Having to work 40 hours a week for someone else’s business and share that space with a bunch of money chasing muggles all day in order to afford a place to live and eat healthy. Creating music and art and being in nature are a large part of my spiritual practice. If the day arrives that I am able spend the majority of my time doing music and art (in nature!) I would foresee my spiritual journey expanding along with them.
Have you ever experienced a significant catharsis or “aha” moment as a result of your faith/spirituality?
Absolutely. That feeling has come in many different ways. A piece of music or art, or a piece of information worded just the right way can help to clarify or validate one’s spiritual identity in a big way. I feel that when I was younger the big “aha” moments seemed to be less frequent and more significant. My first experience at Red Rocks was certainly the peak moment of excitement along the path. As I mature I find that I still have “aha” moments all the time as I continue to learn and grow but that it’s become an expected part of the journey.
Does making music help you honor and connect with your greater sense of self, and purpose?
It’s the primary tool that I use to connect to my greater sense of self and purpose. Before a song is finished it has to feel authentic to my own self for me to feel comfortable expressing it. So I feel I have to connect with my sense of self to be able to get it just right. I believe my greater purpose is to inspire people to be their best versions of their most authentic selves. I like using art and performance for this as well, but music continues to feel like my strongest tool to put those intentions into the world in a way that connects with people.
In what ways does the industry of music challenge your spirituality or faith?
Music is amazing. Working in the music industry is tough. I think it tests every musician’s faith in everything. I feel like everyone I know that decides they want to be a professional musician has had those “Am I doing this right?” and “Will I ever make it as far as I want to go with this?” moments. I still don’t know with any certainty that music will be a career that I can survive on without needing a day job. It is a huge part of my spirituality so I’ll always be creating and performing music regardless of how successful I am with the business side of it. I also feel there have been many times that spirit has communicated directly to me to keep going. Like it’s just begging me to try as hard as I possibly can and it’s got my back and that’s why I still have faith that I can accomplish my long term goals as a musician.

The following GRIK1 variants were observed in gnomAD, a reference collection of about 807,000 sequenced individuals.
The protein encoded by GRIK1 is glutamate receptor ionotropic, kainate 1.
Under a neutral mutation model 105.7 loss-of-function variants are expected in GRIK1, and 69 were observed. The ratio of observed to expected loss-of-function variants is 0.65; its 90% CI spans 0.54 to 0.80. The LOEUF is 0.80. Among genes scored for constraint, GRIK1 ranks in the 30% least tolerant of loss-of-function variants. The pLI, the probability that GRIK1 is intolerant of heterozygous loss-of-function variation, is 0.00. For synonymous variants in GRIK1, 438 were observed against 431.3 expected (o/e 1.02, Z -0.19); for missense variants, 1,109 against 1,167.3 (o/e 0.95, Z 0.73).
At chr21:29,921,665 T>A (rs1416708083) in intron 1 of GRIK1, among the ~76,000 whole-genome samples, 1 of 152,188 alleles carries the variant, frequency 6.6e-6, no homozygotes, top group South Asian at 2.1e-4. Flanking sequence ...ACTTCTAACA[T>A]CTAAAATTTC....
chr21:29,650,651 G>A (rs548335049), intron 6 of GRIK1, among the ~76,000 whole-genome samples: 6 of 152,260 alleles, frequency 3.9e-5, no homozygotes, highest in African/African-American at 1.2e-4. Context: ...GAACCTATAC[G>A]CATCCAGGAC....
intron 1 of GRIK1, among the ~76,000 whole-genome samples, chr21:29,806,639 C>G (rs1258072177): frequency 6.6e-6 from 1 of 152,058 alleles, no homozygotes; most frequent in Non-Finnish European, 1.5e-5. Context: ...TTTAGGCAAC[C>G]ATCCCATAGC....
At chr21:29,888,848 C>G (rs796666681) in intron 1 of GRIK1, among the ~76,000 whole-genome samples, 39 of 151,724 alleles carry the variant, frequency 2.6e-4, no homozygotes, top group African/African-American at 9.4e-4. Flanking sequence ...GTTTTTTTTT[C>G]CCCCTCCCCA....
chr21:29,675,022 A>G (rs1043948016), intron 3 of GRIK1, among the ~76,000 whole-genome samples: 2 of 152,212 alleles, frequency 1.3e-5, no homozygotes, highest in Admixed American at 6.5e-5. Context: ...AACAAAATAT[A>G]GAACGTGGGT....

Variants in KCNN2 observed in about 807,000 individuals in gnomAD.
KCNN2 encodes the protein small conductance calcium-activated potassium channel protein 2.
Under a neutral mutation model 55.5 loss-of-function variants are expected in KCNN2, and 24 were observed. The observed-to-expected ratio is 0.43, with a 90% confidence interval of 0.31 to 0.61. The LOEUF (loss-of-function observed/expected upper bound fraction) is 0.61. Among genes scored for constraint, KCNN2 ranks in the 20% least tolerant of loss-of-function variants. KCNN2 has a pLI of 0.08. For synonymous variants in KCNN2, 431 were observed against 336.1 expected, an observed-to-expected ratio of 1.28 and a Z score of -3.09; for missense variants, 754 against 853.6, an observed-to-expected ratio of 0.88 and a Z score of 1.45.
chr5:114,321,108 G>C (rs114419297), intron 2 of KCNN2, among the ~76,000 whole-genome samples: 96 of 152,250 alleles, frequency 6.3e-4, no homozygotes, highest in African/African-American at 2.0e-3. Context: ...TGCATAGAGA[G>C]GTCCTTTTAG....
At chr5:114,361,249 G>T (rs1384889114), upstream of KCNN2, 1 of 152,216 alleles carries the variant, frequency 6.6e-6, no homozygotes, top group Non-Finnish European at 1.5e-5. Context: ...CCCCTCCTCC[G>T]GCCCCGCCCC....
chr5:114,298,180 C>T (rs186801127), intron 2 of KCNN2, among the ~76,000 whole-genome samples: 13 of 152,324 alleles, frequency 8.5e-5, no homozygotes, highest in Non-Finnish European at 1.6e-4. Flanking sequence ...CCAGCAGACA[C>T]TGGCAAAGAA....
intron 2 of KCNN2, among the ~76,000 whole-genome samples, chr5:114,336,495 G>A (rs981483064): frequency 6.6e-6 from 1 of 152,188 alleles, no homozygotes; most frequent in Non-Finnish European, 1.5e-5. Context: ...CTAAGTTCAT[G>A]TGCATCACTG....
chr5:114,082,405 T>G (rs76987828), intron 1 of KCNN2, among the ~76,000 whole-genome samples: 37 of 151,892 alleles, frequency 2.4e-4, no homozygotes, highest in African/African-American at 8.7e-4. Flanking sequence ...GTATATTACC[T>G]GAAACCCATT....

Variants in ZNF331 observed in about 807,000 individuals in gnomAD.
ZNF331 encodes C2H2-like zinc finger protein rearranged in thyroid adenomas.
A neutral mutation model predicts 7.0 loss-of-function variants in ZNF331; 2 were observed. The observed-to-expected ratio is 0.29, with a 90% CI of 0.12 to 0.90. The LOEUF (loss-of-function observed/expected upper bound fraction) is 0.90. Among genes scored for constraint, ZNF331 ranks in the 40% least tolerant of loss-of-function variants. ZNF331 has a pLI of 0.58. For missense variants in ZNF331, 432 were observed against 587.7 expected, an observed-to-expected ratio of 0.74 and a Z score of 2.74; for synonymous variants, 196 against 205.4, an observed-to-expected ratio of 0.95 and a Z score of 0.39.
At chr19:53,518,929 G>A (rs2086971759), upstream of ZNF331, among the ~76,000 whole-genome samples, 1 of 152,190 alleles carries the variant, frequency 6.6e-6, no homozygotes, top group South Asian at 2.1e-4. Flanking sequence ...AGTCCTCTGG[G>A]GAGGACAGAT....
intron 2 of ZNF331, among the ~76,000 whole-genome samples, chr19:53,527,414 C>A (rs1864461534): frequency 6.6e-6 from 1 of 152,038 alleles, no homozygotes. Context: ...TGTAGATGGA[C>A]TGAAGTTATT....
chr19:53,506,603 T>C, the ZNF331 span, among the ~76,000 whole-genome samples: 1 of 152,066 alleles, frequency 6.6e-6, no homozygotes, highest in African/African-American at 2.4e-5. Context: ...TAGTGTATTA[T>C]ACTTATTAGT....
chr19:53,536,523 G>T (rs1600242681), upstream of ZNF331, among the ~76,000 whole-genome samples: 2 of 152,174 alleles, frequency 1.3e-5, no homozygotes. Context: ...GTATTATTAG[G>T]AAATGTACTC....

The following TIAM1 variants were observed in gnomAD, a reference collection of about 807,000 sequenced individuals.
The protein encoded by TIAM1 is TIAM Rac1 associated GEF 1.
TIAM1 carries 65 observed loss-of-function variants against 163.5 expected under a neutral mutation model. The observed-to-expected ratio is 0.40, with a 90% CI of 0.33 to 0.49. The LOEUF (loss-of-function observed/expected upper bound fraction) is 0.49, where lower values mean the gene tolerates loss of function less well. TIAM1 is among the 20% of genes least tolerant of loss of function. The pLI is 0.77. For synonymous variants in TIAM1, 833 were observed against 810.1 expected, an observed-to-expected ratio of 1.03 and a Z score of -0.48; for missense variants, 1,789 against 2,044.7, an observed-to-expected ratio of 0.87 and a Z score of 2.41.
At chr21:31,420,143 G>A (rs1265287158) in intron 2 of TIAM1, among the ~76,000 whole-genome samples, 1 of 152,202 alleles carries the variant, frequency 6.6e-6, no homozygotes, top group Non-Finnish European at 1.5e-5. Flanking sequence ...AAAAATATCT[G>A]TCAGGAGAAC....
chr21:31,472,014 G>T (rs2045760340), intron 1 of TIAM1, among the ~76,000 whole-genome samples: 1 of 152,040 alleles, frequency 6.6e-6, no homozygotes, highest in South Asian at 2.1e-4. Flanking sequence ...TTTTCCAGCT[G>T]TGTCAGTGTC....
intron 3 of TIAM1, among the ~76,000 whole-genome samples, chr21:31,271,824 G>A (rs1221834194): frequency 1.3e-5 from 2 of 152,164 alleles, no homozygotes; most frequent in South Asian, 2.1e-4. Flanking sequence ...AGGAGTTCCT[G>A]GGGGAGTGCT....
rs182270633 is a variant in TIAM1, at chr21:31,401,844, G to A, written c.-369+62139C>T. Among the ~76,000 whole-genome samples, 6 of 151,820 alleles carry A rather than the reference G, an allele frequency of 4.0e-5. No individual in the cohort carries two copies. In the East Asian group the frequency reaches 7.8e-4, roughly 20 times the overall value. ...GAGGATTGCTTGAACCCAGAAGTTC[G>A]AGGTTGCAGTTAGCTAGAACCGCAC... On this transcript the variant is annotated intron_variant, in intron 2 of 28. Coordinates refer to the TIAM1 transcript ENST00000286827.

Are there any musicians whose spirituality/faith you admire, and feel empowered as a result of?
There are two musicians that come to mind. Anthony Thogmartin and Dixon’s Violin. When Anthony released his first Earthcry album there was a strong focus on the Solfeggio Frequencies being the foundation for each track. This taught me to really think about the way different frequencies affect our spirit and the experiences we have. Dixon is very vocal in his performances about us being spirits having a human experience and very encouraging that the audience does what they feel most authentically called to do as a response to his music. I think it really helps people to realize that all of the ways that we chose to express ourselves or to connect to music/spirit are equally valid.
Do you have the tendency to use the word God or Universe? Do you have different perspectives of the two?
By my personal definition I would the use word “God” in reference to a specific, conscious entity and “The Universe” or “Spirit” would refer to the entire interconnected omni-present consciousnesses. I use the word God when I know that the person I’m speaking to defines that omni-presence with the word God. The force also works for me. I’m flexible. In my own personal definition they are all talking about the same thing. A greater omnipresent consciousness that all of creation are a physical manifestation of. My perspective on the word God is a little different. I use it to refer to specific types of gods. In polytheistic cultures such as the Greeks, Egyptians, and Native Americans there were many gods ruling over many aspects of creation. I think every musician, myself included, hopes to be blessed by the music gods.
Just in case you were listening for one, This Is A Good Sound. Peep Drew covering Twiddle’s “When it Rains it Pours” on an Indo Board – whoa.